Hunting for Haimona Te Nahu

Haimona Te Nahu is Comunity Law’s new Kaitakawaenga (National Māori Coordinator). The role of Kaitakawaenga is to ensure Community Law works more closely and more effectively with Māori communities, including through iwi and other Māori and community organisations. We recently caught up with Haimona about his reason for choosing both the law, and Community Law, as avenues to help Māori throughout the motu.

 

How long have you been involved in the Community Law movement for and in what capacity?

I started working at the Rotorua Community Law Centre at the beginning of June 2015 as a case worker, and have practiced as a solicitor since around September 2015, following my admittance. My involvement in the Community Law movement also includes being a member of the Māori Caucus and in my first year at the hui held in Christchurch I was nominated to be a Co-Chair.  I settled as the treasurer instead for the years 2015-16. I continued to be involved with the Māori Caucus in a shared secretary role from 2016 – through till now.

 

What inspires you about this role of kaitakawaenga for Community Law?

It is a role, I believe, that has no limits, particularly in regards to the Kaitakawaenga’s ability to contribute to our Māori people in the legal field. My inspiration for choosing the legal path was to help my people. You not only help people at Community Law, but often, you change their lives. Now that is inspirational!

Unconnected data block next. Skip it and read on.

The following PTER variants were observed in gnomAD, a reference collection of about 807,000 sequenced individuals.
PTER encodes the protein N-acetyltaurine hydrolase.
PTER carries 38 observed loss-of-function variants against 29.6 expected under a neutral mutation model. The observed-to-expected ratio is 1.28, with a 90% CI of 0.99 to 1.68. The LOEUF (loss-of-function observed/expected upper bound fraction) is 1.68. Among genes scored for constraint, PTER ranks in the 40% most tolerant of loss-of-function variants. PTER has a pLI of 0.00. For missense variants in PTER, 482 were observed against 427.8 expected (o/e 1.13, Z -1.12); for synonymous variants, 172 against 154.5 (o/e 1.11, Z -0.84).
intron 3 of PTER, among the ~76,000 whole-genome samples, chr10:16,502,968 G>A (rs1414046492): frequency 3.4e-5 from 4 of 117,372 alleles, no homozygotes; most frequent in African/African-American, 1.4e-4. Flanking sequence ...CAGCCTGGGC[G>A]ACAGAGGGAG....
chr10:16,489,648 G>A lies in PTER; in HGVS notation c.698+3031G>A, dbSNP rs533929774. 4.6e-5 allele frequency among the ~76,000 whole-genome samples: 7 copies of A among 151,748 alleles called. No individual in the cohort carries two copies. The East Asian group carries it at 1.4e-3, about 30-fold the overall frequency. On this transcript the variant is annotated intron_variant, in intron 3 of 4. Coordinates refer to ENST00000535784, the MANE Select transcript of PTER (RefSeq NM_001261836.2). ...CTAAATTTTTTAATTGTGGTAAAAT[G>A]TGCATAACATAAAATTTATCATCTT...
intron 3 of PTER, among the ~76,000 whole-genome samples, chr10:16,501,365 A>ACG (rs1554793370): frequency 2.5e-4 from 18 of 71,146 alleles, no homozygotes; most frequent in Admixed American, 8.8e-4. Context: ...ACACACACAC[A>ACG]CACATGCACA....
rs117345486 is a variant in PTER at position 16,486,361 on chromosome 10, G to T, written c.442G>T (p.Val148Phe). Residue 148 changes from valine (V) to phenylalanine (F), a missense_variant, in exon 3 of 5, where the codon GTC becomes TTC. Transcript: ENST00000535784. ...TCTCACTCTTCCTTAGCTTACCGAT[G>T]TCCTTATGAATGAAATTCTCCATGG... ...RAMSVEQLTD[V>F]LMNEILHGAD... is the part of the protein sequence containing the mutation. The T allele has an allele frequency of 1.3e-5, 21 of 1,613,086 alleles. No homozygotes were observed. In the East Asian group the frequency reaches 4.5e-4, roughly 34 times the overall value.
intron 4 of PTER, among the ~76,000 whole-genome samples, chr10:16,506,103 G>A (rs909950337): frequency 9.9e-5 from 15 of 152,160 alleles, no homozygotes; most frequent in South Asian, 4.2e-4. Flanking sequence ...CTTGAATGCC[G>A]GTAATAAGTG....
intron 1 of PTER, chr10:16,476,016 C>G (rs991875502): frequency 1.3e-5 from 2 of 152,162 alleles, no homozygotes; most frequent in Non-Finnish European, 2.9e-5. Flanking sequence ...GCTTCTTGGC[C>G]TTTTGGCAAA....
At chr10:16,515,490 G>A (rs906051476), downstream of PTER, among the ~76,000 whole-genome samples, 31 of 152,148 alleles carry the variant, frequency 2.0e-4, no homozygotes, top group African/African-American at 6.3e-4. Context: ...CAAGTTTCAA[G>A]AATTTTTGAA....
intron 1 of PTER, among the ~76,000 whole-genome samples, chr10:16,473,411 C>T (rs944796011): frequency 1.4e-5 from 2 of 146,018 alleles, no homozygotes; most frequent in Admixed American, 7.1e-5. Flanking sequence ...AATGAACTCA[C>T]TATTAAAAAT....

What do you think are the great challenges of this role?

The greatest challenge in this role would be the relationship management aspect.

 

If Community Law gets it rights, what do you think are the benefits this role can bring to the movement, and to its broader communities?

If Community Law gets it right the benefits would be endless. I can envisage iwi, hapū and whānau would have a working relationship with their local centre and that Māori statistics in the law would decline, and decline dramatically. There would be a working relationship with all Community Law Centres and with the relevant government agencies. Community Law would be recognised as being the go-to place regarding Māori and their legal interests.

 

What do you like to do when you’re not lawyering or working?

I love pig hunting, diving and spending time with family. People ask me why pig hunting? It’s simple, it’s another way of providing for your family and it is the total opposite to my day-to-day mahi as a solicitor. It provides elements of work life balance but it also achieves the purpose of providing for my people. It is the same with diving, fishing and gardening. I also love the physical aspect of my hobbies.

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